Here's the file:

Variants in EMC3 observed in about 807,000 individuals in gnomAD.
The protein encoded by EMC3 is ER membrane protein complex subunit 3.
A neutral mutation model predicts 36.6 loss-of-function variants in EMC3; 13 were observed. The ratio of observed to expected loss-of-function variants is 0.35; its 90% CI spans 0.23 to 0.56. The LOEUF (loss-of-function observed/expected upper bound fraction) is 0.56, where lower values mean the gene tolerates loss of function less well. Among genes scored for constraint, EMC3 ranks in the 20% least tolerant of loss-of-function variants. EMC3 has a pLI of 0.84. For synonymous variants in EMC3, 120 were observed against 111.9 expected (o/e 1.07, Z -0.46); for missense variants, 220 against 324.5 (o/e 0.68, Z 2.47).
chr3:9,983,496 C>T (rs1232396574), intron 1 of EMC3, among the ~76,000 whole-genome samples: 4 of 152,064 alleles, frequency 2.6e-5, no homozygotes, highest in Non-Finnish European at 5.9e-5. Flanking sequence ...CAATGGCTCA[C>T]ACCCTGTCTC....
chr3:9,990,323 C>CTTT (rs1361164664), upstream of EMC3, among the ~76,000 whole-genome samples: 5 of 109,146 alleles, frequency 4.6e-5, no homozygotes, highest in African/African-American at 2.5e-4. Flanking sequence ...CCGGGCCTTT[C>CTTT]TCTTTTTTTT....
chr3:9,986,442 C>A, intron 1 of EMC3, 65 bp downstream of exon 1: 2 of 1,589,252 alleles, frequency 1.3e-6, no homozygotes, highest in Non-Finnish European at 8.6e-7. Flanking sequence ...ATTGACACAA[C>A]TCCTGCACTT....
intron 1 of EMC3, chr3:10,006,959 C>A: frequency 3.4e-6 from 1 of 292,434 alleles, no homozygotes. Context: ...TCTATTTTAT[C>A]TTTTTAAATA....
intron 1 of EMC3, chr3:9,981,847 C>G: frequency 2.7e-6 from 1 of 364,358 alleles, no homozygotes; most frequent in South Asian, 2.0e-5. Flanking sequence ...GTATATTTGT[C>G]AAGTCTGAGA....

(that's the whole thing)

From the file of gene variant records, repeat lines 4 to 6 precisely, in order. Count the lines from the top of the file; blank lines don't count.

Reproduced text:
chr3:9,983,496 C>T (rs1232396574), intron 1 of EMC3, among the ~76,000 whole-genome samples: 4 of 152,064 alleles, frequency 2.6e-5, no homozygotes, highest in Non-Finnish European at 5.9e-5. Flanking sequence ...CAATGGCTCA[C>T]ACCCTGTCTC....
chr3:9,990,323 C>CTTT (rs1361164664), upstream of EMC3, among the ~76,000 whole-genome samples: 5 of 109,146 alleles, frequency 4.6e-5, no homozygotes, highest in African/African-American at 2.5e-4. Flanking sequence ...CCGGGCCTTT[C>CTTT]TCTTTTTTTT....
chr3:9,986,442 C>A, intron 1 of EMC3, 65 bp downstream of exon 1: 2 of 1,589,252 alleles, frequency 1.3e-6, no homozygotes, highest in Non-Finnish European at 8.6e-7. Flanking sequence ...ATTGACACAA[C>A]TCCTGCACTT....